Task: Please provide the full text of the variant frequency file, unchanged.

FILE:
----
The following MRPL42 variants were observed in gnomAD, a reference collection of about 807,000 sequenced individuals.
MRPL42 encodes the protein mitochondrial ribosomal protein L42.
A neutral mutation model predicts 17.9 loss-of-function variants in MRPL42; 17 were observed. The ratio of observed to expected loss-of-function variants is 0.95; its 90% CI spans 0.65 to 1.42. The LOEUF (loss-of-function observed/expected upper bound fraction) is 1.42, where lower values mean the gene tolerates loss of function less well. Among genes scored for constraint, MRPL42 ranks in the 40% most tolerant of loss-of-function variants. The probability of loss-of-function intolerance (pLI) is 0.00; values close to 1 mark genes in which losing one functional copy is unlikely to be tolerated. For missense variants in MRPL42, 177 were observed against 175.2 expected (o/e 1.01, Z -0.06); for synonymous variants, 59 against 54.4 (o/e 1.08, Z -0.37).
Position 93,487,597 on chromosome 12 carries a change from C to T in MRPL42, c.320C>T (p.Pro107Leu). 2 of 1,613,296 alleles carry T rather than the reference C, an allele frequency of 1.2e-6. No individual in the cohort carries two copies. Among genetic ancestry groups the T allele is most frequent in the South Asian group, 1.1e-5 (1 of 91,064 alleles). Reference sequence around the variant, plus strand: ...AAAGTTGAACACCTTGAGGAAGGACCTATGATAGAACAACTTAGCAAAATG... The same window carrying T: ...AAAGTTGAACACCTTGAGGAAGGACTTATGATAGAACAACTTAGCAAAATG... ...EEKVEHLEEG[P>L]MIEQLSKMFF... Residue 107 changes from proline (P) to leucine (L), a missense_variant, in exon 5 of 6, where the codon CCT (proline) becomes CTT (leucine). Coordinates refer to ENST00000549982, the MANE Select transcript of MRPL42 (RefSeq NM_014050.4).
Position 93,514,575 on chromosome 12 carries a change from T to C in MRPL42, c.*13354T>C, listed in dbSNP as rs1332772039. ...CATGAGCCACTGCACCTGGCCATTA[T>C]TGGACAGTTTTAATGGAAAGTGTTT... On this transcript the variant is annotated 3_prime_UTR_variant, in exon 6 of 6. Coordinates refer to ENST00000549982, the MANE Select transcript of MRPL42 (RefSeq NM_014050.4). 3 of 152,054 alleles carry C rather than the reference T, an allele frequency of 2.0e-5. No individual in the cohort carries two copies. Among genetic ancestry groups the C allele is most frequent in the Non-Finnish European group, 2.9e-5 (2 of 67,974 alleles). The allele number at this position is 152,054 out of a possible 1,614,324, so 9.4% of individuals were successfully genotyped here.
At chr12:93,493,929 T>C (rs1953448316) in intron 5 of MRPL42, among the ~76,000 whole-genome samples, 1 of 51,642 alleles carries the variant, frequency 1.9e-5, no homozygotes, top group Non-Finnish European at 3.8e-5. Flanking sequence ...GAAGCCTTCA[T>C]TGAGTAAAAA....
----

The following MRPL42 variants were observed in gnomAD, a reference collection of about 807,000 sequenced individuals.
MRPL42 encodes the protein mitochondrial ribosomal protein L42.
A neutral mutation model predicts 17.9 loss-of-function variants in MRPL42; 17 were observed. The ratio of observed to expected loss-of-function variants is 0.95; its 90% CI spans 0.65 to 1.42. The LOEUF (loss-of-function observed/expected upper bound fraction) is 1.42, where lower values mean the gene tolerates loss of function less well. Among genes scored for constraint, MRPL42 ranks in the 40% most tolerant of loss-of-function variants. The probability of loss-of-function intolerance (pLI) is 0.00; values close to 1 mark genes in which losing one functional copy is unlikely to be tolerated. For missense variants in MRPL42, 177 were observed against 175.2 expected (o/e 1.01, Z -0.06); for synonymous variants, 59 against 54.4 (o/e 1.08, Z -0.37).
Position 93,487,597 on chromosome 12 carries a change from C to T in MRPL42, c.320C>T (p.Pro107Leu). 2 of 1,613,296 alleles carry T rather than the reference C, an allele frequency of 1.2e-6. No individual in the cohort carries two copies. Among genetic ancestry groups the T allele is most frequent in the South Asian group, 1.1e-5 (1 of 91,064 alleles). Reference sequence around the variant, plus strand: ...AAAGTTGAACACCTTGAGGAAGGACCTATGATAGAACAACTTAGCAAAATG... The same window carrying T: ...AAAGTTGAACACCTTGAGGAAGGACTTATGATAGAACAACTTAGCAAAATG... ...EEKVEHLEEG[P>L]MIEQLSKMFF... Residue 107 changes from proline (P) to leucine (L), a missense_variant, in exon 5 of 6, where the codon CCT (proline) becomes CTT (leucine). Coordinates refer to ENST00000549982, the MANE Select transcript of MRPL42 (RefSeq NM_014050.4).
Position 93,514,575 on chromosome 12 carries a change from T to C in MRPL42, c.*13354T>C, listed in dbSNP as rs1332772039. ...CATGAGCCACTGCACCTGGCCATTA[T>C]TGGACAGTTTTAATGGAAAGTGTTT... On this transcript the variant is annotated 3_prime_UTR_variant, in exon 6 of 6. Coordinates refer to ENST00000549982, the MANE Select transcript of MRPL42 (RefSeq NM_014050.4). 3 of 152,054 alleles carry C rather than the reference T, an allele frequency of 2.0e-5. No individual in the cohort carries two copies. Among genetic ancestry groups the C allele is most frequent in the Non-Finnish European group, 2.9e-5 (2 of 67,974 alleles). The allele number at this position is 152,054 out of a possible 1,614,324, so 9.4% of individuals were successfully genotyped here.
At chr12:93,493,929 T>C (rs1953448316) in intron 5 of MRPL42, among the ~76,000 whole-genome samples, 1 of 51,642 alleles carries the variant, frequency 1.9e-5, no homozygotes, top group Non-Finnish European at 3.8e-5. Flanking sequence ...GAAGCCTTCA[T>C]TGAGTAAAAA....